Believe it or not, I’m just about fed up with the garbage that’s being presented as art and cigars. Give a person a canvas, some paint, and a little exposure, and after that person slaps some combination of pigments on a flat surface and puts in on Facebook or Instagram or Saatchi’s site, immediately he or she becomes – an artist.
Same with an individual who has access to some extra cash, tobacco, a few rollers, a table, a chaveta and he or she instantaneously becomes – a master blender.
Art has never really been defined. Marina Abromović, the most famous performance artist in history, has said during interviews that not one interlocutor has ever asked her, “What is art?” Nor has any master blender ever been able to unequivocally been able to define what a premium cigar is.
So I can take a spray can of paint, just the can, mount it on a marble platform and name it “Spray Can on Marble” and call it a sculpture, or for lack of a better term – art. Or worse, I can take that same can and spritz some of the pigment ON that same marble platform and call it “Destiny.”
I can also purchase some fermented tobacco leaves, have a torcedor bunch it, and roll it, wrap it in whatever leaf is available, have them cut the cap with a chaveta, smooth it out with a quick roll on the table, finish the foot with one swipe of a cutter and place it in front of me and call it a cigar.
Hell, Duchamp did that same process with a porcelain urinal and called it “Fountain,” Jeff Koons had sex with his then-wife and porn star, Cicciolina in his “Made in Heaven” series and call it performance art, and Damien Hirst took a tiger shark, placed it in a glass showcase, filled it with formaldehyde and called it, “The Physical Impossibility of Death in the Mind of Someone Living” – a masterpiece. Today all three are considered great artists. Debatable.
The fact is art cannot, and may never be adequately defined – even by its creator. The fact is no one can really and truly define what a cigar is really. If you doubt my words, go to any Summertime arts and crafts show and look around and you tell me if you can discern what is or isn’t art – if any. Or visit a cigar convention and you tell me if you can really pick out a true premium cigar. Hell for all practical purposes cigars are identical – save for the graphic work on the band, the size, its shape, or the shade of the wrapper.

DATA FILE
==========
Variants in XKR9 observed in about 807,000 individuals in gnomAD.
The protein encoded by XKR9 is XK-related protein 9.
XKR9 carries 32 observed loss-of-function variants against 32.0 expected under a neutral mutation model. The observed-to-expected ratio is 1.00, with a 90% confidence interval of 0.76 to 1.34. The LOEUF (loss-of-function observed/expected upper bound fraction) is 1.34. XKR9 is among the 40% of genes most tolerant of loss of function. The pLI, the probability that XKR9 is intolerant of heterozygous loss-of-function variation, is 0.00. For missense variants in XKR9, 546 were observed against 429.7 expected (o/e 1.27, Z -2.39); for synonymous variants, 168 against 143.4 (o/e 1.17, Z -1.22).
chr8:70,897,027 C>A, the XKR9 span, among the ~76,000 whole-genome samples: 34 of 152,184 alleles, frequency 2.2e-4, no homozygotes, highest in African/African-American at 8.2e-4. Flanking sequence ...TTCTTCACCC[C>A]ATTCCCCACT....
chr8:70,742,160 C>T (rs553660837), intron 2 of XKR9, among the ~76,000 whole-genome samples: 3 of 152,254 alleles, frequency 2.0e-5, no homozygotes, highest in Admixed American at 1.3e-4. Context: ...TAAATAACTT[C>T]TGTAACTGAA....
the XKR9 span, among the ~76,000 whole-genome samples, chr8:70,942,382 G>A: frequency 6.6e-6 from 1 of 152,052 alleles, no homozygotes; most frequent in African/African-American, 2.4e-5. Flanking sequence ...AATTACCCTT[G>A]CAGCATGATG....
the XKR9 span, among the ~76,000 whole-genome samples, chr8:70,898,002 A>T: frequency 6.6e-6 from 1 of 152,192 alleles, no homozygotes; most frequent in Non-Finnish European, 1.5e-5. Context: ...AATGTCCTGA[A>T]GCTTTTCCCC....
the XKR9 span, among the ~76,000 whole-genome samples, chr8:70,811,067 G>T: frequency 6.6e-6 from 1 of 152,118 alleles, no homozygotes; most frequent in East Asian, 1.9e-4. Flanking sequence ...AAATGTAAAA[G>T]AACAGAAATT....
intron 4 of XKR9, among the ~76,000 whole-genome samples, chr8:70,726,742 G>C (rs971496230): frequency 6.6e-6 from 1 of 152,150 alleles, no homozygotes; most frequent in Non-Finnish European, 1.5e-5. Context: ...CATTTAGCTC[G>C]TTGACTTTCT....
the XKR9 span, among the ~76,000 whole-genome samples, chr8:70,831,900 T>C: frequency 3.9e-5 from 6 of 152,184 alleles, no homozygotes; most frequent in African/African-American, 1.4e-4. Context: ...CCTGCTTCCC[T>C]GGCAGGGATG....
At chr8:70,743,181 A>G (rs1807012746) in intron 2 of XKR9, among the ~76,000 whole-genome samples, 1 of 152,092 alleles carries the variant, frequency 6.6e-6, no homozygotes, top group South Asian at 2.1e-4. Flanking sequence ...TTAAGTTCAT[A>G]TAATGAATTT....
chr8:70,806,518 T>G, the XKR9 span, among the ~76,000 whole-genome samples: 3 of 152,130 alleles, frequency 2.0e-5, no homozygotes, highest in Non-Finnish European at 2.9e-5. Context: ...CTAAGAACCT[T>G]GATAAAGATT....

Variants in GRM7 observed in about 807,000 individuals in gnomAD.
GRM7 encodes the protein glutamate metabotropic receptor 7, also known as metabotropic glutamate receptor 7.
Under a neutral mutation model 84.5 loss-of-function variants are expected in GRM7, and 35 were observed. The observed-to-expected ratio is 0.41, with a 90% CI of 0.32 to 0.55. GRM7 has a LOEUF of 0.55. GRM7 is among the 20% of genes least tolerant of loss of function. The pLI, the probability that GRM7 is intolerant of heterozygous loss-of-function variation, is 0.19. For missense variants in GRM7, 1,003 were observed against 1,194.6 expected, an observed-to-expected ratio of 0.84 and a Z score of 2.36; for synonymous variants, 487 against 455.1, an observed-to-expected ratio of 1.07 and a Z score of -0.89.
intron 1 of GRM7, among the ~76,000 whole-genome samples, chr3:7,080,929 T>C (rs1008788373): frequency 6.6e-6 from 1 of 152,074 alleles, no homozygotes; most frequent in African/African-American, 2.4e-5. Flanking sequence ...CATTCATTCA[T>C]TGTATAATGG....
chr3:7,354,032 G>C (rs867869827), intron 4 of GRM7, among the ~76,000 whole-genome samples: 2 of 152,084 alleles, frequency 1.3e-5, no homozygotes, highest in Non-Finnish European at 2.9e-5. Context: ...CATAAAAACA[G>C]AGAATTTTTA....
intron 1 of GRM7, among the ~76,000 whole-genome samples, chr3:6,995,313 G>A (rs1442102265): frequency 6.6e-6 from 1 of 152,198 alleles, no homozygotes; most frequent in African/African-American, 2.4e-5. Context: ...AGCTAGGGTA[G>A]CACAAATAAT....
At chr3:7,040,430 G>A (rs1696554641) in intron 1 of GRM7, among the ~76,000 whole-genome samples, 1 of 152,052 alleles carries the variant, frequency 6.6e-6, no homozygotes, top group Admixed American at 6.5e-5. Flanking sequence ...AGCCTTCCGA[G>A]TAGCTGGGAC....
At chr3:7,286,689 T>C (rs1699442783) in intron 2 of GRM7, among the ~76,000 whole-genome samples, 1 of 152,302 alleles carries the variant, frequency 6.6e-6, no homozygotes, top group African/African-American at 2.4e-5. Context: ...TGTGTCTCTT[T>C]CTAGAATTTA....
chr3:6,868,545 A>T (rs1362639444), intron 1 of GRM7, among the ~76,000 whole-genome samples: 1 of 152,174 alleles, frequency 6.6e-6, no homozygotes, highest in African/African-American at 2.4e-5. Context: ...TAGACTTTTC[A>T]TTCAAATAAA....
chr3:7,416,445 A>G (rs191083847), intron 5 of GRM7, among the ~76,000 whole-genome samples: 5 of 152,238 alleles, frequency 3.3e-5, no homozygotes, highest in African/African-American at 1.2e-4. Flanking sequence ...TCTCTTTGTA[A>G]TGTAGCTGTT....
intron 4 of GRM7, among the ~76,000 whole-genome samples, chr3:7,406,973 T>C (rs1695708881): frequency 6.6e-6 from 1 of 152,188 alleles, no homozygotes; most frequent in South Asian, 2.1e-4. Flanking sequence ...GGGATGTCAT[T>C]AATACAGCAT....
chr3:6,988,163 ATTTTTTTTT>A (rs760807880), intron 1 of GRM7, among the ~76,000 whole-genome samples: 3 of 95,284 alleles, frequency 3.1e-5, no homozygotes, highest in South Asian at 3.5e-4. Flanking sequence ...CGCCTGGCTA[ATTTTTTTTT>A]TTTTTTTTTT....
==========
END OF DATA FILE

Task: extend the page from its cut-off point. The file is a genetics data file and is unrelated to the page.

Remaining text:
I’m a serious and dedicated hobbyist when it comes to art. I’ve studied it, gone to lectures, read a number of books, been to some of the world’s most famous art museums, created pieces of whatever, but I’m certainly not a professional artist despite the knowledge, exposure, and creation.
I’ve smoked enough of what is called a cigar to fill a shipping container. In fact, despite my knowledge that I’ve gathered by going to factories in Honduras, Nicaragua, and the Dominican Republic, observing cigars being rolled, tobacco being grown and fermenting and I still don’t have enough behind me to call myself a master blender.
It’s very straightforward. Both creations are subjective. Our senses call them what we think they are because that’s what we’ve been told they are. But the question is, “Are they what they are?” Senses do lie!
So, as a result, we continue to accept what is in front of us as being what others have led us to believe. We cannot define either one with alacrity or accuracy because it is impossible to do so. There is no sensory, factual baseline in subjectivity.
Therefore we will go on living, allowing those who are simply painters to create what is perceived as “art,” and call them artists; and permit those who blend cylindrical tubes of tobacco known as “cigars” to be called master blenders.